Rolls-Royce plans to ax 4,600 mainly British management roles by 2020 to further slash costs, the UK maker of plane engines announced on Thursday.
“Rolls-Royce announces the next stage in our drive for pace and simplicity with a proposed restructuring that will deliver improved returns, higher margins, and increased cash flow,” the group said in a statement.
The London-listed company, whose engines are used in Airbus and Boeing aircraft, said the latest cuts would produce 400 million pounds (536 million US dollars) of annual cost savings by the end of 2020.
Rolls has faced a tough trading environment in recent years on weak demand for its power systems, in particular, ones used by the marine industry, resulting in the loss of about 2,000 jobs alongside the creation of new posts.
The latest update will result in the largest cull at the group since 2001, when it axed 5,000 jobs on a global economic downturn and following the September 11 attacks in the United States.
“Our world-leading technology gives Rolls-Royce the potential to generate significant profitable growth,” the company’s chief executive Warren East said in Thursday’s announcement.
“The creation of a more streamlined organization… will enable us to deliver on that promise, generating higher returns while being able to invest for the future,” he added.
Although Rolls roared back into profit last year, this was largely owing to a recovery in the pound. While the plunge in the value of the pound in the wake of Britain’s 2016 vote in favor of Brexit helped many exporters, Rolls-Royce was forced to book a vast charge as it had not hedged against such a swing in the currency.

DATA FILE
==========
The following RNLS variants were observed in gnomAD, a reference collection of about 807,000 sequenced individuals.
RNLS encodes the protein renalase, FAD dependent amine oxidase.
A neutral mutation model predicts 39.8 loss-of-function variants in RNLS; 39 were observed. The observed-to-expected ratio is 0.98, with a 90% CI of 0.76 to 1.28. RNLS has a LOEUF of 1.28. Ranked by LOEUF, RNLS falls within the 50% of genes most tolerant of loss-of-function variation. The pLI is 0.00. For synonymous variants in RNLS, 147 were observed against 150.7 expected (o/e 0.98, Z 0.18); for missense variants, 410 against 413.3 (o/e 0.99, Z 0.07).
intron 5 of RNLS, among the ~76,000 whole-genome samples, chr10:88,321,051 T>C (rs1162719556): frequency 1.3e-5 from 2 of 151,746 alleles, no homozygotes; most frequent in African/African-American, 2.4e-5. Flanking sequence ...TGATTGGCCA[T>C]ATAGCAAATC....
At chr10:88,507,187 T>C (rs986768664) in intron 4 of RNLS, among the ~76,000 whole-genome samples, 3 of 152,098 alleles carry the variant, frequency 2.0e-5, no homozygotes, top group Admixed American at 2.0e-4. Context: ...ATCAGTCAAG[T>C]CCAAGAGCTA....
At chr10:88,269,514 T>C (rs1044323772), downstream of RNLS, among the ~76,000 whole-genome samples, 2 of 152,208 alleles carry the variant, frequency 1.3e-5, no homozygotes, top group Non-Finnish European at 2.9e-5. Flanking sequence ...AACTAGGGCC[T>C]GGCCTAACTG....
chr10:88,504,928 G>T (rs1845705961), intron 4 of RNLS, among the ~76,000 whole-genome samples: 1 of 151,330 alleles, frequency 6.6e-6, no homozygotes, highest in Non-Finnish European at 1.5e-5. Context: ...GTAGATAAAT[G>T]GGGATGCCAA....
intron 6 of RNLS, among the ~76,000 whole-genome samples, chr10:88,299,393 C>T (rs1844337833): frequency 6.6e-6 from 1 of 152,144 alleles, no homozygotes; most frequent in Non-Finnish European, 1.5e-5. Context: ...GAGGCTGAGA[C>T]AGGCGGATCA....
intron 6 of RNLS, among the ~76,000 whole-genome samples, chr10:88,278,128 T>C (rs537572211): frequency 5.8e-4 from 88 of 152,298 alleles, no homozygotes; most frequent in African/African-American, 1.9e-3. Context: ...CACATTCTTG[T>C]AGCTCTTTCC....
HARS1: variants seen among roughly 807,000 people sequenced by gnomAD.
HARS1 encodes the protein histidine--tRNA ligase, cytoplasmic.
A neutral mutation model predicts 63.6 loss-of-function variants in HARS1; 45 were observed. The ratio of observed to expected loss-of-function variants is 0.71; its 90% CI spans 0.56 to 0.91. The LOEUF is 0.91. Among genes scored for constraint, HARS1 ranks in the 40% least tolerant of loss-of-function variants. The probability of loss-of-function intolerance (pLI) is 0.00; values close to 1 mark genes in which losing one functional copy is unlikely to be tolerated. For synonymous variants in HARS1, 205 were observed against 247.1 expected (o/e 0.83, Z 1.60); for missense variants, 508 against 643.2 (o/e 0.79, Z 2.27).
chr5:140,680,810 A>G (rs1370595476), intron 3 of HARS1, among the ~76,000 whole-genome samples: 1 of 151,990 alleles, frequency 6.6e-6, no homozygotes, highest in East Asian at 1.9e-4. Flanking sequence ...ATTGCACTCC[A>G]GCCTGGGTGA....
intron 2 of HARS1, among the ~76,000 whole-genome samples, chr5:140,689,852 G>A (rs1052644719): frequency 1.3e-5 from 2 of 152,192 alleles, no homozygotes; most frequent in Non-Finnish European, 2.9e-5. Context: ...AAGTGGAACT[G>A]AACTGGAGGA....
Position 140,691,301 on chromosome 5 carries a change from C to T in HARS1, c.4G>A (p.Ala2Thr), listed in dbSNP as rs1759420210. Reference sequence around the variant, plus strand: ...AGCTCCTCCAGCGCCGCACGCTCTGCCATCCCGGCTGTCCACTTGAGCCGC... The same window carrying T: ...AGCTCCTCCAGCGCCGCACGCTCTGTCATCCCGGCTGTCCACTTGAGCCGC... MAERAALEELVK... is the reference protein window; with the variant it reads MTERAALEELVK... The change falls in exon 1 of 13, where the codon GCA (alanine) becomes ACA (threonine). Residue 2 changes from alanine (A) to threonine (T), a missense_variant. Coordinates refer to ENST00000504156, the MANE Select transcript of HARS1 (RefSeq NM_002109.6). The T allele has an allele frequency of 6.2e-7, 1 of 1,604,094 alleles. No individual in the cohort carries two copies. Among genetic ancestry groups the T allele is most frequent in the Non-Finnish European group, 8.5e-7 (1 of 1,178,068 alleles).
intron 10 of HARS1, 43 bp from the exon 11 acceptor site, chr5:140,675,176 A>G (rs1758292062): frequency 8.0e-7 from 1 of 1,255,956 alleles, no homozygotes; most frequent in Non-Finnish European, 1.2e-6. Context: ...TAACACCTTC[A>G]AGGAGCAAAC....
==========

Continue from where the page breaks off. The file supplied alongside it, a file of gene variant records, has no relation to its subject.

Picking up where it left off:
Rolls said the latest round of restructuring, leading to the loss of many corporate-supporting roles, was expected to cost the group 500 million pounds (663 million US dollars), while about two-thirds of the job losses would be in the UK.
Rolls employs about 55,000 staff worldwide, almost half of whom are in Britain. The company meanwhile has some 16,000 staff at its UK operational base in Derby, central England.
The company has said it would consider selling its commercial marine business, while in April, Rolls sold German division L’Orange for 700 million euros (815 million US dollars) to US group Woodward.
Speaking to the BBC, East said he saw opportunities in China. “We look at China, and we see an opportunity there for aircraft engine… that’s where a lot of opportunities are.”
“A slimmer, more efficient Rolls Royce is good for UK aerospace in the long run, though job losses along the way mean the journey comes with a cost,” noted Nicholas Hyett, equity analyst at stockbroker Hargreaves Lansdown.
“The group is effectively spending 500 million pounds in the next three years to save 400 million pounds a year thereafter.”